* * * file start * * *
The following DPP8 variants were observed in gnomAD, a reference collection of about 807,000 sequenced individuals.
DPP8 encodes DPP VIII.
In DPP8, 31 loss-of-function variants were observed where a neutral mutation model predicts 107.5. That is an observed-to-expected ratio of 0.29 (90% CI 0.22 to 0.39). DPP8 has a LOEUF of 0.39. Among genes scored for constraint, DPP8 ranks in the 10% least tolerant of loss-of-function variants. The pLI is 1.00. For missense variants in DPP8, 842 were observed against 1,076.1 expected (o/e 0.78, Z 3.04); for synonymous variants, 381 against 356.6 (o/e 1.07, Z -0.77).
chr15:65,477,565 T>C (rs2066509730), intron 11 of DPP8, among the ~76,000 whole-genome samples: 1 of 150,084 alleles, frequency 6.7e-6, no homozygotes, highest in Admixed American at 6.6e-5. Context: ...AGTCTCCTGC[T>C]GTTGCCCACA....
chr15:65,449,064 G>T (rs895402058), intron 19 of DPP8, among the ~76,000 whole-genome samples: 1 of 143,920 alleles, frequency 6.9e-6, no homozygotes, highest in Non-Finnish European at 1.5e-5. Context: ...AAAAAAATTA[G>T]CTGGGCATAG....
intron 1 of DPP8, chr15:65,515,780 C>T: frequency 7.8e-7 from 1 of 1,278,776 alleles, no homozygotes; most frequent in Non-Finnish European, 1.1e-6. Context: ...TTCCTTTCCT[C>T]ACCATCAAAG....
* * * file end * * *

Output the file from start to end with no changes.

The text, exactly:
The following DPP8 variants were observed in gnomAD, a reference collection of about 807,000 sequenced individuals.
DPP8 encodes DPP VIII.
In DPP8, 31 loss-of-function variants were observed where a neutral mutation model predicts 107.5. That is an observed-to-expected ratio of 0.29 (90% CI 0.22 to 0.39). DPP8 has a LOEUF of 0.39. Among genes scored for constraint, DPP8 ranks in the 10% least tolerant of loss-of-function variants. The pLI is 1.00. For missense variants in DPP8, 842 were observed against 1,076.1 expected (o/e 0.78, Z 3.04); for synonymous variants, 381 against 356.6 (o/e 1.07, Z -0.77).
chr15:65,477,565 T>C (rs2066509730), intron 11 of DPP8, among the ~76,000 whole-genome samples: 1 of 150,084 alleles, frequency 6.7e-6, no homozygotes, highest in Admixed American at 6.6e-5. Context: ...AGTCTCCTGC[T>C]GTTGCCCACA....
chr15:65,449,064 G>T (rs895402058), intron 19 of DPP8, among the ~76,000 whole-genome samples: 1 of 143,920 alleles, frequency 6.9e-6, no homozygotes, highest in Non-Finnish European at 1.5e-5. Context: ...AAAAAAATTA[G>T]CTGGGCATAG....
intron 1 of DPP8, chr15:65,515,780 C>T: frequency 7.8e-7 from 1 of 1,278,776 alleles, no homozygotes; most frequent in Non-Finnish European, 1.1e-6. Context: ...TTCCTTTCCT[C>T]ACCATCAAAG....